Yasiel Puig returned to Los Angeles on Monday for the first time since the Dodgers traded him to the Reds this past offseason.
The occasion sparked emotions on both sides and served as an opportunity for people around the league to take the temperature of his career to this point.
Over the weekend, the Los Angeles Times published a story containing several critical quotes on Puig from his former teammates, such as shortstop Corey Seager saying, “Not really, without, like, bashing him” when asked if he had a favorite story on the outfielder.
The piece also included accusations Puig would purposefully ignore coaching instructions on where to stand in the outfield, going so far as to rip up guiding note cards meant to help him in front of Dodgers’ staff.
Still, he was greeted by loud cheers from a fan base that has always been enamored by his positive qualities — voracious base running, a cannon arm and a knack for coming through in epic moments.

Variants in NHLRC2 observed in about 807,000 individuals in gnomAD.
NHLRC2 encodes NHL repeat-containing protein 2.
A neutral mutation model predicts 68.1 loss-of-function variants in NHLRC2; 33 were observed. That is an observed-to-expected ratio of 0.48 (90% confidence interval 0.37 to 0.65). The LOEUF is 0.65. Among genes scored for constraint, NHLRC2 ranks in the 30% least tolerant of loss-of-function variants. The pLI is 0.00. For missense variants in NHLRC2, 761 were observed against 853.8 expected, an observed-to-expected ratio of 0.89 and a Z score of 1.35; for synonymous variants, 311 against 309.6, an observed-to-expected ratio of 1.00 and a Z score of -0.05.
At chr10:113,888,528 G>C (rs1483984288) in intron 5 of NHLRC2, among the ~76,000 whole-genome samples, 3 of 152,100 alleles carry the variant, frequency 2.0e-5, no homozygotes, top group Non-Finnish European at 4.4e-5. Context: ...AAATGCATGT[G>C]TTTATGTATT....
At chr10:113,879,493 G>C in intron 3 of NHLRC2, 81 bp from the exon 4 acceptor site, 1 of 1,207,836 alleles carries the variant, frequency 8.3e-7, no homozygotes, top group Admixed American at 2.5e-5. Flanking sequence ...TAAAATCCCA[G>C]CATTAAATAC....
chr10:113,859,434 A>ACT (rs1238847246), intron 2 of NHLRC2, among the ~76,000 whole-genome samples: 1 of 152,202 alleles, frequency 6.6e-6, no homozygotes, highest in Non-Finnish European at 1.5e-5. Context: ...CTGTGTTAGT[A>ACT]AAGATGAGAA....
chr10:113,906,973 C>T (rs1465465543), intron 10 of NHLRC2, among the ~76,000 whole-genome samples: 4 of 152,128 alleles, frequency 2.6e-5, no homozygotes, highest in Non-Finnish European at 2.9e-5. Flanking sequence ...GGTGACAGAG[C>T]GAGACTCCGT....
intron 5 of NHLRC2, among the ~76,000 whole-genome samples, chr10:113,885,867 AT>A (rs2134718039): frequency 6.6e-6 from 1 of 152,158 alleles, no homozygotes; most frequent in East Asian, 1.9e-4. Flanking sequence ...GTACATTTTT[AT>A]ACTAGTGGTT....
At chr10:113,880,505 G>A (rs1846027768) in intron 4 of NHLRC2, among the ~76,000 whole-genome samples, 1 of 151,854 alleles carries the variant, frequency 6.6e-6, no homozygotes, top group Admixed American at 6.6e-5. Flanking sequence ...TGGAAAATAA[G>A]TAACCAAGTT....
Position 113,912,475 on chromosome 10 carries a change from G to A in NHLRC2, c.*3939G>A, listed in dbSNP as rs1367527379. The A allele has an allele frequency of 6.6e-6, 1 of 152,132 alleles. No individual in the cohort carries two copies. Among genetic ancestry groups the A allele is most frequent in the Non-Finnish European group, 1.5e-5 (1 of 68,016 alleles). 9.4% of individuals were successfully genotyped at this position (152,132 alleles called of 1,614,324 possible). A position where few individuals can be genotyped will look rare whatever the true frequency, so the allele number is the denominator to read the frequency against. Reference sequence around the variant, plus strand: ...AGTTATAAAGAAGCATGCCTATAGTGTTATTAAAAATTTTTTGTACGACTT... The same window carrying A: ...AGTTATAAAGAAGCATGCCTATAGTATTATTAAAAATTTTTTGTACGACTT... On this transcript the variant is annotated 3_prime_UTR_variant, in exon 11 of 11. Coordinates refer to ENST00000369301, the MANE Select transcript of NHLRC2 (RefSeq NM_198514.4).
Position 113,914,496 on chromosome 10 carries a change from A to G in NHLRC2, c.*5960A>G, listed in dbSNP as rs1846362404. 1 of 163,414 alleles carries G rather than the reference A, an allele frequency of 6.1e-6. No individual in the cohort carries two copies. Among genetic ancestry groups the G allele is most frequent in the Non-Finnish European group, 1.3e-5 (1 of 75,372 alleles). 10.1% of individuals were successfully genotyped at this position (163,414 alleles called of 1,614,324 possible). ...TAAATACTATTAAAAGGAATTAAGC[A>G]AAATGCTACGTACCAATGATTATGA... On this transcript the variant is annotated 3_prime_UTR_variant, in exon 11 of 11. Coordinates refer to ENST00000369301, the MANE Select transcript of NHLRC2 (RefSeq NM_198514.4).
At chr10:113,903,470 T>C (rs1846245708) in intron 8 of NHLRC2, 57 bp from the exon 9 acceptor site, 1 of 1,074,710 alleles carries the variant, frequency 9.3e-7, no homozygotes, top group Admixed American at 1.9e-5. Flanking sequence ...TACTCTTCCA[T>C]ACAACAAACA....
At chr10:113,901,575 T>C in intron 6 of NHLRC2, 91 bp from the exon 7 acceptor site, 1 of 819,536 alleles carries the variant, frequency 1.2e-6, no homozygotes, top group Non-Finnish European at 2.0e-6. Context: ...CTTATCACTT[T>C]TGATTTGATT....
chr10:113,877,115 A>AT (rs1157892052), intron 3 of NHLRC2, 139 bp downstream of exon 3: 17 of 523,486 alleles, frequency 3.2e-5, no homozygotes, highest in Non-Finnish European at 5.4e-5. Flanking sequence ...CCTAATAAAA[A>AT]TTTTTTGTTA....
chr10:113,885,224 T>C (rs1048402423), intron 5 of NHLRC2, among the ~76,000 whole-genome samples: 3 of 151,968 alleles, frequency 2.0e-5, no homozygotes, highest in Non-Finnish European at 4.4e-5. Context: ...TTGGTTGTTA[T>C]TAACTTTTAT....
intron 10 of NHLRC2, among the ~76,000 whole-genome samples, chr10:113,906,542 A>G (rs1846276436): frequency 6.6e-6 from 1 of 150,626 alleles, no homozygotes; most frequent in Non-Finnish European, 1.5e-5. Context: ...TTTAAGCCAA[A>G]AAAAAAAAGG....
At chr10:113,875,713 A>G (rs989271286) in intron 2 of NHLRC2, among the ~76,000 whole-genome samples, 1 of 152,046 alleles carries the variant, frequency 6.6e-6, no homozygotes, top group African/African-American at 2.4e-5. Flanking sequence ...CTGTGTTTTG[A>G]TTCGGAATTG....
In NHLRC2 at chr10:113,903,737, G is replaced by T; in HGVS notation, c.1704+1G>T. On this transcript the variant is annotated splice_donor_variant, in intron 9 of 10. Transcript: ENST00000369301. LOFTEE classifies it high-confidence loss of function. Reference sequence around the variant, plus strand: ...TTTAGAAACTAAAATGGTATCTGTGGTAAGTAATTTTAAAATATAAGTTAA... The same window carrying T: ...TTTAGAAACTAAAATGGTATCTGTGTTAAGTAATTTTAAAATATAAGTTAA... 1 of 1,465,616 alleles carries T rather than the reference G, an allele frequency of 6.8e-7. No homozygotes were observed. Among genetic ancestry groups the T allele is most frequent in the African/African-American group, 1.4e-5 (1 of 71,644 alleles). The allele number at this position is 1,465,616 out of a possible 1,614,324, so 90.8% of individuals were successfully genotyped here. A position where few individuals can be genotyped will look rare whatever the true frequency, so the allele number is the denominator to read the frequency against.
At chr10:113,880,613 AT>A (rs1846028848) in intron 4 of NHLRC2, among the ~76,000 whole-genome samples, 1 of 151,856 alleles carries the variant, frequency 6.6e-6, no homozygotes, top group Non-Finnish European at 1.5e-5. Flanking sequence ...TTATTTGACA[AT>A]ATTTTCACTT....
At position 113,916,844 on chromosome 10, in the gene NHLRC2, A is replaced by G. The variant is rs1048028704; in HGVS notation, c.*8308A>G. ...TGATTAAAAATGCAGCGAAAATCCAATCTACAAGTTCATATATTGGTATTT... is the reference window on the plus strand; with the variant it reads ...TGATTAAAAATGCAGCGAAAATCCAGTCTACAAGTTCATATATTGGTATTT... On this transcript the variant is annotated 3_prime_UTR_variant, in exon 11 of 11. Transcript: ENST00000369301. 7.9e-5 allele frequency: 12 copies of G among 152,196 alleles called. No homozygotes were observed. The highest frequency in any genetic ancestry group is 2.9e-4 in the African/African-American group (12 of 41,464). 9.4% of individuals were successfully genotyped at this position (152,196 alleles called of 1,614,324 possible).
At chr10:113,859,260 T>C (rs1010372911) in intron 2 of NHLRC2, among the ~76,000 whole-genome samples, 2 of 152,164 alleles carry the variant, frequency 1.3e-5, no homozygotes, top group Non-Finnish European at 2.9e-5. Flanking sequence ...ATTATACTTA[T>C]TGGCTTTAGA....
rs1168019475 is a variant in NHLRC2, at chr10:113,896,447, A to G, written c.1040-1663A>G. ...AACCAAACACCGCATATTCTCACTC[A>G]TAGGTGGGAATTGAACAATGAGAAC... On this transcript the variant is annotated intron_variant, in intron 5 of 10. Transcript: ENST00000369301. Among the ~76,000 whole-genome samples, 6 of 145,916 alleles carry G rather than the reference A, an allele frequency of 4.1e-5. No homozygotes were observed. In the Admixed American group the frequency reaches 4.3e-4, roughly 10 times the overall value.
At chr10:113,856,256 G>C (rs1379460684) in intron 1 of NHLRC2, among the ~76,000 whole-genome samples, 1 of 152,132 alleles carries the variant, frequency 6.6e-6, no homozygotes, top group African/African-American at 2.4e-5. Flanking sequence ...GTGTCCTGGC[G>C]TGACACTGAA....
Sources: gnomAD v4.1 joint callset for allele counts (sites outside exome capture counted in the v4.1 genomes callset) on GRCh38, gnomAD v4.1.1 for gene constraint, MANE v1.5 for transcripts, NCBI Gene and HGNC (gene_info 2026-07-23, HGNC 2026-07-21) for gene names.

Puig launched a two-run home run off Clayton Kershaw in his first at-bat Monday. Because of course. What else was he going to do?
Yasiel Puig with perhaps the moment of the season so far.pic.twitter.com/87hg6CZVq6
— Sporting News MLB (@SN Studio_mlb) April 16, 2019
Like many trying to make sense of Puig’s career so far, former MLB outfielder Cliff Floyd spoke on the DAZN show “ChangeUp” about the talented Cuban player.
Floyd said Puig might be in a better place now that he’s with Cincinnati. Floyd believed the trade from LA could have been a wake-up call for someone whose effort has at times been questioned.
“For me, I’ve always felt like Puig didn’t maximize everything with his potential,” Floyd said. “Me personally, I felt like Cincinnati was the best fit for him in terms of the division, ballpark and they needed some excitement, something different to come through those doors every day.”
Indeed, Puig was supposed to invigorate a Reds squad that finished last in the NL Central in 2018. So far, though, he hasn’t broken out, and neither have his teammates. Entering Monday, Cincinnati was 5-9 and Puig was hitting .163.
Perhaps his second dinger of the year, coming against his old club, will spark a torrid stretch that lifts his new one.
Or maybe we’ll continue to wait for a sustained run of dominance from Puig that at age 28 could never come.